Posted by Kevin on January 06, 2001 at 07:59:59:
In Reply to: RBCR posted by John Walker on January 05, 2001 at 23:43:45:
John, a very simple question and an excellent point. I actually had to start digging through my old ANDI and IANTD textbooks. Not for the information to respond to your question, but rather thats how I filed away an old responce by Bill Mee. VERY GOOD POINT ABOUT DEEP AIR JOHN.
The following is long, but worth reading twice to get the full impact. It has made me think about my own use of deep air . . . .
"Effects of Deep Air on The Body
The reality may be a lot worse than any of us may have imagined. Fortunately, for
vertebrates, the apparent viscosity of whole blood decreases in tubes with
diameters less than 0.1cm. This observation is known as the Fahraeus-Lindqvist
effect and implies that the shear stress at the capillary wall decreases as the tube
diameter decreases. On the contrary suspensions of rigid particles display no
such behavior. Mammalian capillaries range in diameter from 10 micrometers
down to 3 micrometers so that blood cells have to flow down them in single file.
For those capillaries whose diameters are less than that of a cell (7 - 8
micrometers) Red blood cells must deform to pass through the vessel. High
pressures must be generated locally within the thin layer of fluid around the cell in
order to deform it and therefore depend considerably on the elastic properties of
the cell. Anything which impairs the elastic characteristics of the blood cell may
have a profound mechanical effect on both the cell and the blood vessel.
Abnormal cells which are hardened or almost spherical cannot be deformed so
easily and therefore cannot pass through the smallest vessels. In experiments
performed to determine the size of the smallest vessel through which a red blood
cell can transit it was found that anything smaller than 3 micrometers caused
damage to the cells. Cells which are artificially hardened or made to swell into a
spherical shape (osmosis), impairing flexibility, cannot pass through pores less
than 8 micrometers in diameter without suffering haemolysis (cell destruction).
In view of the above scenario it would seem that any action which would
artificially "stiffen" blood cells could have a potentially negative impact in terms of
both the mechanical damage to the cells and capillaries themselves as well as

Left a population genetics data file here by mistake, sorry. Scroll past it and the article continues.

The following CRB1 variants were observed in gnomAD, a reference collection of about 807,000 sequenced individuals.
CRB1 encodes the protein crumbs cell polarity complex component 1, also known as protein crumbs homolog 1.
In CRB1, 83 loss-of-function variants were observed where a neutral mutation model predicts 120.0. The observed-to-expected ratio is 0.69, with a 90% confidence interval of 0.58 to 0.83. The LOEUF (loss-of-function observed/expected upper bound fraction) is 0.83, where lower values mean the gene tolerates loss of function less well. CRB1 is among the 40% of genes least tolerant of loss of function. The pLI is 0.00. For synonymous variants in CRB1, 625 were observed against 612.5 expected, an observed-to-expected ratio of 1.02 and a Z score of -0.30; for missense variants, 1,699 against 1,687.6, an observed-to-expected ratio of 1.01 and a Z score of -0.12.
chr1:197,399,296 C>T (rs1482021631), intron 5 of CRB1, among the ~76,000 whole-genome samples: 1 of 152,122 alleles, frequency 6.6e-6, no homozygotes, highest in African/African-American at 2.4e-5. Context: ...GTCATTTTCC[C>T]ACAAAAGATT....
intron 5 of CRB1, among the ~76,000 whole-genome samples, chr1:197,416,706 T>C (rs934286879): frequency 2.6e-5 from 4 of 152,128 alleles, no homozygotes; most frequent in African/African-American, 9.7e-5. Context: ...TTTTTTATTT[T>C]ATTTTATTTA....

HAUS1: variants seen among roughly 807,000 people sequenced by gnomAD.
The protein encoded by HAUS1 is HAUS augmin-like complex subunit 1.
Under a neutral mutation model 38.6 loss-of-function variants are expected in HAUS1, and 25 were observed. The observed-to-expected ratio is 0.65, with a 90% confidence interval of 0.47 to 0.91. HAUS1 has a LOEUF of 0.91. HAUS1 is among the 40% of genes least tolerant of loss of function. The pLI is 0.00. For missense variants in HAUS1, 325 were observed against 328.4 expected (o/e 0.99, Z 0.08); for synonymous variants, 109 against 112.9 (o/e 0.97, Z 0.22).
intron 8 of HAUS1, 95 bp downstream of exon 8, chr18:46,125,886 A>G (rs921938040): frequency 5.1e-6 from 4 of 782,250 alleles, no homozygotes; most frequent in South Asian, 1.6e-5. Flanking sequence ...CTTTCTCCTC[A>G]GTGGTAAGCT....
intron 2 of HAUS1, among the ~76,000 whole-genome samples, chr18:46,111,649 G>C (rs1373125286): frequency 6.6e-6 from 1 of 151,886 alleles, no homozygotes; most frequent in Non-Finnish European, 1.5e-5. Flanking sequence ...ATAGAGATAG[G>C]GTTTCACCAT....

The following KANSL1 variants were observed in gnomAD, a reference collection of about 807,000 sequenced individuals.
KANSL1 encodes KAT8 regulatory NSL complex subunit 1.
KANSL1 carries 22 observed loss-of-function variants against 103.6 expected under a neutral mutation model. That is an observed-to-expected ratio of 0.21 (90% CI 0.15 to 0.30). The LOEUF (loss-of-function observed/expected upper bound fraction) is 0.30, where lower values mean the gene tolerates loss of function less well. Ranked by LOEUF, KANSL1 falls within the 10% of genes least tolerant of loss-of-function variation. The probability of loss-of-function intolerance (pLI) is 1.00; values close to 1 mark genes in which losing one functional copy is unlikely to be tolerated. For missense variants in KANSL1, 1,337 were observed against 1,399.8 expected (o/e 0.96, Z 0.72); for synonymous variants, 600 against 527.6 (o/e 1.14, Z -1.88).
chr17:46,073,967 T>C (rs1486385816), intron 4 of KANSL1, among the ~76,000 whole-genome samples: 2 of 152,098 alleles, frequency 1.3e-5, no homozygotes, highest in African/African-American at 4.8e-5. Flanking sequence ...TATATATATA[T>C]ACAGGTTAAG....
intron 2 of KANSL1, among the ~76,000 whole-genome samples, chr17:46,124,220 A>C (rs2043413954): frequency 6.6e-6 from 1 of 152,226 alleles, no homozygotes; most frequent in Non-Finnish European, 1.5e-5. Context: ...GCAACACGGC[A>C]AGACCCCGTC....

decreased perfusion of the surrounding tissues. Where critical tissues are
concerned, such as those subserving neurological processes (your brain for
instance) the effects of diminished mass transport could be profound. Since the
capillary micro-circulation plays an essential role in gas transfer during
compression and decompression one might be further concerned as to the effects
of red blood cell rigidity associated with hyperbaric exposures to air.
Blood is forced to flow through capillaries as little as 3 micrometers across in the
splenic pulp. Normal cells can do this with little haemolysis; however abnormal
spherical cells cannot, such as what occurs in the disease known as hereditary
spherocytosis (sickle cell anemia is another disease which distorts blood cells).
The spleen filters out blood borne debris as well as housing a large population of
B cells, the immune soldiers which manufacture antibodies in response to an alert
by the T cells. There was some speculation recently in the DAN journal regarding
"Divers Disease", a flu-like illness which sometimes accompanies hyperbaric
exposures. I wouldn't be at all surprised if the cause of this problem turns out to
be the aftereffects of red blood cell rigidity and the consequent build up of
haemolized cells in the spleen and lymph nodes.
Maybe its just a coincidence, but deep air diving carries obvious and subtle
neurological effects and it poses very problematical decompression issues for
long exposures (empirically and anecdotal observations). I personally have
experienced fatigue and other flu-like symptoms following exposures to air diving
and attribute this to some form of immune system response.
Eventually, physiologists and hematologists will understand the specific
underlying effects of excessive hyperbaric air. For the mean time I think its a safe
bet to avoid deep air at all costs.
Regards, Bill Mee
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